From city to sea - why all children should experience the coast

From city to sea - why all children should experience the coast

Can you remember the first time you saw the sea and how it felt?

If you live by the coast, it is easy to take for granted the positive impact the sea can have on your overall wellbeing. It’s no wonder many of us can’t wait to escape and spend some time by the ocean as soon as there is the opportunity!

Wildlife Filmmaking MA student, Alice Geary wants to ensure that every child gets the opportunity to experience the joys the sea can bring. Her film, Finally I Sea, shares the impact that experiencing the sea, or even leaving inner-city London, for the first time has on 9 - 11 year old children.

Omie Dale talking to a child on the beach during the filming of Finally I Sea
Determined to bridge the gap between children and the sea in order to help preserve our oceans in the future, Alice’s mission has unveiled many other important issues that come with 20% of British children never seeing the sea as a result of socio- economic inequality.

As part of the dryrobe® Warmth Project, we were proud to provide dryrobe® Advance change robes for the children involved in the documentary to keep them warm during their first visit to the beach.

We were excited to catch up with Alice to find out what it was like to witness the children seeing the sea for the first time, why 20% of British children haven't experienced the coast and what the film hopes to achieve for both children and the future of our coasts.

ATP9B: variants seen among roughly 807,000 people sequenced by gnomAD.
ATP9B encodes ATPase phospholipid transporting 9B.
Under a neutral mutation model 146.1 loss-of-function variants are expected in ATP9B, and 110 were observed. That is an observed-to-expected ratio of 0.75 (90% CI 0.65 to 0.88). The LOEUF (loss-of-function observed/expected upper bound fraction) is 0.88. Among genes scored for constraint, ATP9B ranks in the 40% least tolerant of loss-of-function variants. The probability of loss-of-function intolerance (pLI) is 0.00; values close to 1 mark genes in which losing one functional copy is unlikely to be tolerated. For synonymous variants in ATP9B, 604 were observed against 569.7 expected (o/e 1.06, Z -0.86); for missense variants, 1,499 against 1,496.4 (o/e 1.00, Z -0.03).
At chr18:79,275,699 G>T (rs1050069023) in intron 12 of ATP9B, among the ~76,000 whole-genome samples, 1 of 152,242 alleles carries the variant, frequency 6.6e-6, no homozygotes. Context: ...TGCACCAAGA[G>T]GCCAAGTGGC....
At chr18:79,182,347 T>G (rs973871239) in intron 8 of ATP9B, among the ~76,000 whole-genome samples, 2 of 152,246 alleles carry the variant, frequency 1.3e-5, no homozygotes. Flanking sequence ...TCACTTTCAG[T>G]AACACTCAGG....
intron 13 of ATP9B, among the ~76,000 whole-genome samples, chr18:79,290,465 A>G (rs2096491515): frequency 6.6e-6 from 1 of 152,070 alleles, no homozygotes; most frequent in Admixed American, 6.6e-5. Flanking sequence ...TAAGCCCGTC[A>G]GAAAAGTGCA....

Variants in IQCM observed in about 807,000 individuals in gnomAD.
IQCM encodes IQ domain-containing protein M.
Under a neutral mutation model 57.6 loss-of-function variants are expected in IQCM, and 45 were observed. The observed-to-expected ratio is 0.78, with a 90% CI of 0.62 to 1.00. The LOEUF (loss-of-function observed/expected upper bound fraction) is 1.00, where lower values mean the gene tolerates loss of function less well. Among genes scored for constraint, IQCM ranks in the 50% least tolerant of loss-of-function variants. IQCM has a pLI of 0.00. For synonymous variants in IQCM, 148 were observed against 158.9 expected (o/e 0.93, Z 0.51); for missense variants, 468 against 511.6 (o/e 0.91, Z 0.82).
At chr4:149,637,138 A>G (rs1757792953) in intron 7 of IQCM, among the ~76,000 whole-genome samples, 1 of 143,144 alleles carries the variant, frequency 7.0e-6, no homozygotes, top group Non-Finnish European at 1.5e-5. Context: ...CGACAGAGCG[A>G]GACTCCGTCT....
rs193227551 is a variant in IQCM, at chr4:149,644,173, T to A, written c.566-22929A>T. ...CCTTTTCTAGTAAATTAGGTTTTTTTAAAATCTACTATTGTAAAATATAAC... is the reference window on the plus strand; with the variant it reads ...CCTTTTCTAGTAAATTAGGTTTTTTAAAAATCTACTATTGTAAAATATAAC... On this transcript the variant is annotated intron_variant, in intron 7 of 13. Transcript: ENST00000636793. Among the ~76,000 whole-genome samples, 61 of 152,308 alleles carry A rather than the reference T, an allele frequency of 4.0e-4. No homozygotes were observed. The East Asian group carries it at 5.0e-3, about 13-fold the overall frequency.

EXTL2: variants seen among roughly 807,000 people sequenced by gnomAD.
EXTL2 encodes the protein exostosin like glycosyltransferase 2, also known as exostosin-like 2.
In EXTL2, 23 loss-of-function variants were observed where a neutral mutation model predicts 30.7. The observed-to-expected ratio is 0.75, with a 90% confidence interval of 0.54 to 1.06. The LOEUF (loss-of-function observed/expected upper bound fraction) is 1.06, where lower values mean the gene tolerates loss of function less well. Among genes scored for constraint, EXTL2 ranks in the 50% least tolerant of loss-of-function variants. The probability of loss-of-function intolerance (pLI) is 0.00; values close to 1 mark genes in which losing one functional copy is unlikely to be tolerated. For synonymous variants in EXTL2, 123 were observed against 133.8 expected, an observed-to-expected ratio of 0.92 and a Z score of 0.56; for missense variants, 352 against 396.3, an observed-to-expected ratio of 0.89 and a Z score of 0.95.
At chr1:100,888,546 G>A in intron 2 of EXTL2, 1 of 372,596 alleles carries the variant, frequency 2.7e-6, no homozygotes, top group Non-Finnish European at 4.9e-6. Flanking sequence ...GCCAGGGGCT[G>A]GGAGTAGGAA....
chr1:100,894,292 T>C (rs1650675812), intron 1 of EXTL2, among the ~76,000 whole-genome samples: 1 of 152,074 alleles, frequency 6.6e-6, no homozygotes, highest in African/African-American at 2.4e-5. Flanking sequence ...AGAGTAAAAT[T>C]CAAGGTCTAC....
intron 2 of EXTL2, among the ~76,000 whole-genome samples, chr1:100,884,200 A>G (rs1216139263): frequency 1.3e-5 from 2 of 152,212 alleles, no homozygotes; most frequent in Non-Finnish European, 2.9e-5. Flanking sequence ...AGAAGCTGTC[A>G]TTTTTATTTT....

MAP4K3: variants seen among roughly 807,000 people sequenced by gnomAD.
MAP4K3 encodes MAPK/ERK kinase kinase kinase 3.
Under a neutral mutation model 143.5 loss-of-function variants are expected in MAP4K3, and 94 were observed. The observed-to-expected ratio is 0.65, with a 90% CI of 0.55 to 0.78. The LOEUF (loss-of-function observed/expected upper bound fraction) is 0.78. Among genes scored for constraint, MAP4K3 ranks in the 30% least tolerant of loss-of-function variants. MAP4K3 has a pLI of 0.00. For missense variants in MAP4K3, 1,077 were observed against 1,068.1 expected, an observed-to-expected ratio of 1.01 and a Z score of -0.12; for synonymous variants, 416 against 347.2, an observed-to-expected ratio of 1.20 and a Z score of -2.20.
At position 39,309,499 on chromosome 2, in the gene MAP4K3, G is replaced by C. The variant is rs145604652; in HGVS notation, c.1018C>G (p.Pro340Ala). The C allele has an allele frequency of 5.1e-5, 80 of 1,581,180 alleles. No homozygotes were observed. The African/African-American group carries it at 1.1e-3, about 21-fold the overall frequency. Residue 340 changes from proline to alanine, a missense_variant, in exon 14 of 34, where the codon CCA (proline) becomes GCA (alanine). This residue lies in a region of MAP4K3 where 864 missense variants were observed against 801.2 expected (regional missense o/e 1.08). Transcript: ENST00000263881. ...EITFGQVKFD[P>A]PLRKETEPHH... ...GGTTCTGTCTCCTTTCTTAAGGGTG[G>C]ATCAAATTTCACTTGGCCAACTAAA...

Omie Dale talking to a child on the beach during the filming of Finally I Sea


Tell us a bit about your upcoming film, Finally I Sea?
Finally I Sea is a short film which focusses on a 9-year-old girl who has never been given the opportunity to see the sea before due to barriers out of her control.

The story follows Omie Dale, an environmental activist and swimming instructor, taking her and some friends to see the ocean for the very first time.

It is a simple, feel-good film focussing on the joy that a day by the ocean can create.

However, it has a deeper, underlying message that children in the world today are the most important generation in the fight to protect our planet, yet due to increased living prices, it is becoming harder and harder for children to access nature.

Finally I Sea is an intimate, human-led story which will use interviews, raw conversations with children and beautiful shots of the British coast to paint a picture of how important it is for children to have the opportunity to experience the natural world.